Public Appointments Service

98% of staff desktop PC’s in the Public Appointment Service have been upgraded to the latest version of the Microsoft operating system, Windows 10. All remaining PC’s running Windows 7 are scheduled to be upgraded by the end of the first quarter of 2020.

Office of the Ombudsman

The Office of the Ombudsman has no computers which run of this version of the operating system specified. All of its computers have been updated to the latest version of the operating system.

National Shared Service Office

Provisions are being made to upgrade all Microsoft Windows 7 personal computing devices to Microsoft Windows 10, this project will be completed by the end of 2020. Microsoft Windows 7 extended support will be put in place for all the Office’s personal computing devices running Microsoft Windows 7 while this upgrade project is ongoing. Therefore, the Office's Windows 7 personal computing devices will continue to receive security updates and patches to protect against malware attack.

Information and Communications Technology

Questions (167)

Alan Kelly

Question:

167. Deputy Alan Kelly asked the Minister for Public Expenditure and Reform the number of computers in his Department that still use an operating system (details supplied) in tabular form; and if he will make a statement on the matter. [44753/19]

View answer

Written answers (Question to Public)

-

No. of computers

Personal computing devices running Microsoft Windows 7 operating system

398

Currently there are 524 personal computing devices running a Microsoft Windows 7 operating system, this will be reduced to 398 by the 14th January 2020 when Microsoft Windows 7 standard support will end. Microsoft Windows 7 extended support is available and will be put in place for these 398 personal computing devices while they are being upgraded to Microsoft Windows 10, this upgrade project will be completed by the end of 2020.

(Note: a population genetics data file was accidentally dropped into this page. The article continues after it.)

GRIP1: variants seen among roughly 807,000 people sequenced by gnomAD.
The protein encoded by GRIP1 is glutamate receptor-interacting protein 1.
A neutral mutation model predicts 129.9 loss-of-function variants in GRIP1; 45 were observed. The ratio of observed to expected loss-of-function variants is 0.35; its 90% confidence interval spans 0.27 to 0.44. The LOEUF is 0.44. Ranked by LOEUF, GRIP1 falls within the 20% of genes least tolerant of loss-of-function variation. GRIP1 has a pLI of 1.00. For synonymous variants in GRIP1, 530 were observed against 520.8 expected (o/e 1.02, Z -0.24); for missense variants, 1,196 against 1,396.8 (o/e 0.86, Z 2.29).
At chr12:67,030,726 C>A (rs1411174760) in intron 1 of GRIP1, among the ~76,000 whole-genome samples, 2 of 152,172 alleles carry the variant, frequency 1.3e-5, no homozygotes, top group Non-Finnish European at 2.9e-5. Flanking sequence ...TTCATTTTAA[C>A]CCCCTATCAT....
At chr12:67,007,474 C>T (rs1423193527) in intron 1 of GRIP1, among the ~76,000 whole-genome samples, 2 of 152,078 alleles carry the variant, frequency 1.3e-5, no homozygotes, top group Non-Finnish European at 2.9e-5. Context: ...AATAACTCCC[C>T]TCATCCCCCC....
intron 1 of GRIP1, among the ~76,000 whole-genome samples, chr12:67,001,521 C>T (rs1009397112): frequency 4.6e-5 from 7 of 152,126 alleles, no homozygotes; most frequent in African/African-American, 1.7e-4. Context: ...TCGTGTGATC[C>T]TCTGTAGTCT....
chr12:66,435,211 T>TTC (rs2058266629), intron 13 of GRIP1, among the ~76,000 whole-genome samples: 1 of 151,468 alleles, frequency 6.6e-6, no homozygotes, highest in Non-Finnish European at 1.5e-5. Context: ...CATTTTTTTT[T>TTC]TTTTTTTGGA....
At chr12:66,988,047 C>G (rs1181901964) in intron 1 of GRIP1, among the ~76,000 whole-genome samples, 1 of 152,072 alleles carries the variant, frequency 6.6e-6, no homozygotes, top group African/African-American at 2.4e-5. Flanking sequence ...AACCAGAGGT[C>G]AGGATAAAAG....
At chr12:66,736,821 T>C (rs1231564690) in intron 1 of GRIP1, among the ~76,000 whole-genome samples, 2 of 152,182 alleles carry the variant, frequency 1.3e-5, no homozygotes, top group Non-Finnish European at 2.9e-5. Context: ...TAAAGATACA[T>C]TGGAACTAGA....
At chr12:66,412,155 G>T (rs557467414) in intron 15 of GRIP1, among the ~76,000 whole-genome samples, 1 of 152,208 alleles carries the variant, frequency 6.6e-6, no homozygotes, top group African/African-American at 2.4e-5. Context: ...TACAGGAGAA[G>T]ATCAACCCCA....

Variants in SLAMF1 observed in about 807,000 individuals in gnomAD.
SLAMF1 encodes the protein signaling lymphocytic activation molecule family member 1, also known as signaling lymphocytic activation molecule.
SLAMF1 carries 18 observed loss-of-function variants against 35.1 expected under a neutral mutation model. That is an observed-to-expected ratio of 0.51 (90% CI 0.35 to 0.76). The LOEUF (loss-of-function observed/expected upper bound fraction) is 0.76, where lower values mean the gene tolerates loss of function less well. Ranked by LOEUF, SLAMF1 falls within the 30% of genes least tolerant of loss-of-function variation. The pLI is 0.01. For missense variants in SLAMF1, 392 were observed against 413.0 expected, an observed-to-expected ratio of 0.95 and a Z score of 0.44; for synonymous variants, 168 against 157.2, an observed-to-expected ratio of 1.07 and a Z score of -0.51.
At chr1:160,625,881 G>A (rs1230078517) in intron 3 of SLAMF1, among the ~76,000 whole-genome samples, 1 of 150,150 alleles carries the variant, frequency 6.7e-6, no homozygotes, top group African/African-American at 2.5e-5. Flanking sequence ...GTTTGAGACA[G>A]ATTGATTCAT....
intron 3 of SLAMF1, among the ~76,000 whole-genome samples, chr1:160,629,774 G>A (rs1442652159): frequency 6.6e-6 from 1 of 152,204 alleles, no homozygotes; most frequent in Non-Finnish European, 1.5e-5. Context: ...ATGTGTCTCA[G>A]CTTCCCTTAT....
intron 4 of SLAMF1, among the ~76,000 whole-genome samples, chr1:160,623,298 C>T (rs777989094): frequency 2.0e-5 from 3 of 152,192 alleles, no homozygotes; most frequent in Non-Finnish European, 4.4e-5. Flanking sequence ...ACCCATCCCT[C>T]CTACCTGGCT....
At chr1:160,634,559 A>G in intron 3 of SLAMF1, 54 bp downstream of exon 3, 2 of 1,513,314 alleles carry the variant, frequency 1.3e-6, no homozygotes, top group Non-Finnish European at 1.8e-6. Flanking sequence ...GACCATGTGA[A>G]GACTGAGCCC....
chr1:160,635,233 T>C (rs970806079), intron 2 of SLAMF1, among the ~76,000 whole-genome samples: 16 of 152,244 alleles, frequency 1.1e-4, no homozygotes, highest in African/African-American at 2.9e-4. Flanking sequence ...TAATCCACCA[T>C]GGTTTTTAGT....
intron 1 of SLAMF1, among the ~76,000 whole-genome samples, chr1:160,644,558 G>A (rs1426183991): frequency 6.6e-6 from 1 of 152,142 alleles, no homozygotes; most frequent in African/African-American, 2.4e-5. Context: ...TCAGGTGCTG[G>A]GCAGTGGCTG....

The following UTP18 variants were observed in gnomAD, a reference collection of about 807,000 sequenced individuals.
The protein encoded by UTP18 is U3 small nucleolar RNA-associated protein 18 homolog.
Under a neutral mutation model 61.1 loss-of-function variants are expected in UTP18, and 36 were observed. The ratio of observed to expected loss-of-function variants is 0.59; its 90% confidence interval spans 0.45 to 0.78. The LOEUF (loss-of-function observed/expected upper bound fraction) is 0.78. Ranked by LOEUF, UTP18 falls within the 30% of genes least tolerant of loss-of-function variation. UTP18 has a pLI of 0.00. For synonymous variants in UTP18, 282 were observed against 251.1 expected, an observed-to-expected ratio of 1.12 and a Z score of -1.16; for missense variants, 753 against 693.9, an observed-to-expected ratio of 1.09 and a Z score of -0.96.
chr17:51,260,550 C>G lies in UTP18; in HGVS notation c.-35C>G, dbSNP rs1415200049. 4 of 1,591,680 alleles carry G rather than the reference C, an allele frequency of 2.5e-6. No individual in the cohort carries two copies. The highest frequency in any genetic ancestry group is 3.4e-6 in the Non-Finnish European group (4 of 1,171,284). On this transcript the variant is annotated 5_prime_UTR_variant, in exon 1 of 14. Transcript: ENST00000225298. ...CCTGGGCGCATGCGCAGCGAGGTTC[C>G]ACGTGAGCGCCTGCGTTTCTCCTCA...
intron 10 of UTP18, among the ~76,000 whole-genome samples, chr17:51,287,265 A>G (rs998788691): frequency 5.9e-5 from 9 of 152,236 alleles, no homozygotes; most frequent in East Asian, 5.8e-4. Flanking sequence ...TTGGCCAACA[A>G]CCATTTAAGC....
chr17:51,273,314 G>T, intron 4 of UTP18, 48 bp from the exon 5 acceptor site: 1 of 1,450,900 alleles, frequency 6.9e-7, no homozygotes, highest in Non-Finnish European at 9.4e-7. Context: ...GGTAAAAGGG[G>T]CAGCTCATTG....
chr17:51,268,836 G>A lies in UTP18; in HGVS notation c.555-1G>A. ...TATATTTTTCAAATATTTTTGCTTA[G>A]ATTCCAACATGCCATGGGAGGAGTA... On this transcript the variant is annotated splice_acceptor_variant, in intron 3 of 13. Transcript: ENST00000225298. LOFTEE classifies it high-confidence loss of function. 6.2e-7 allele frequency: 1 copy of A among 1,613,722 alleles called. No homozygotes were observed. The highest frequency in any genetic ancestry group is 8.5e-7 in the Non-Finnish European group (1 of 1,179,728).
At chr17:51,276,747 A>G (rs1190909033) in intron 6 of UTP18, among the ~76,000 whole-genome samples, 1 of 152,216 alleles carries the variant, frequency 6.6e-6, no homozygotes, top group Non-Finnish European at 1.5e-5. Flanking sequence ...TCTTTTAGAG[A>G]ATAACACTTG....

Catchment Flood Risk Assessment and Management Programme

Questions (168)

Catherine Murphy

Question:

168. Deputy Catherine Murphy asked the Minister for Public Expenditure and Reform if he will bring a document to the attention of OPW engineers and officials (details supplied) and return their observations and opinion in due course; if the OPW has given a river its attention in the past; his plans to address the issues regarding same; and if he will make a statement on the matter. [44760/19]

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Written answers (Question to Public)

The Hazelhatch area of Celbridge, County Kildare was assessed as part of the Eastern Catchment Flood Risk Assessment and Management Study. The Flood Risk Management Plans identified the need for a further study of the area to review the flood modelling and mapping in the area and to review potentially viable flood risk management options for the area. This further study has been commissioned by Kildare County Council and the study is underway since September 2019.

The document referred to was received in the OPW on 18 October, 2019. The document has been noted and has been forwarded, for consideration, to the engineering company which has been engaged by Kildare County Council to carry out the further study at Hazelhatch. The scope of the study was initially focussed on the Hazelhatch Stream but has been expanded to address issues highlighted in the adjacent Shinkeen catchment, where the OPW previously completed a flood relief scheme. As per the current programme, the study should be completed in the Spring of 2020.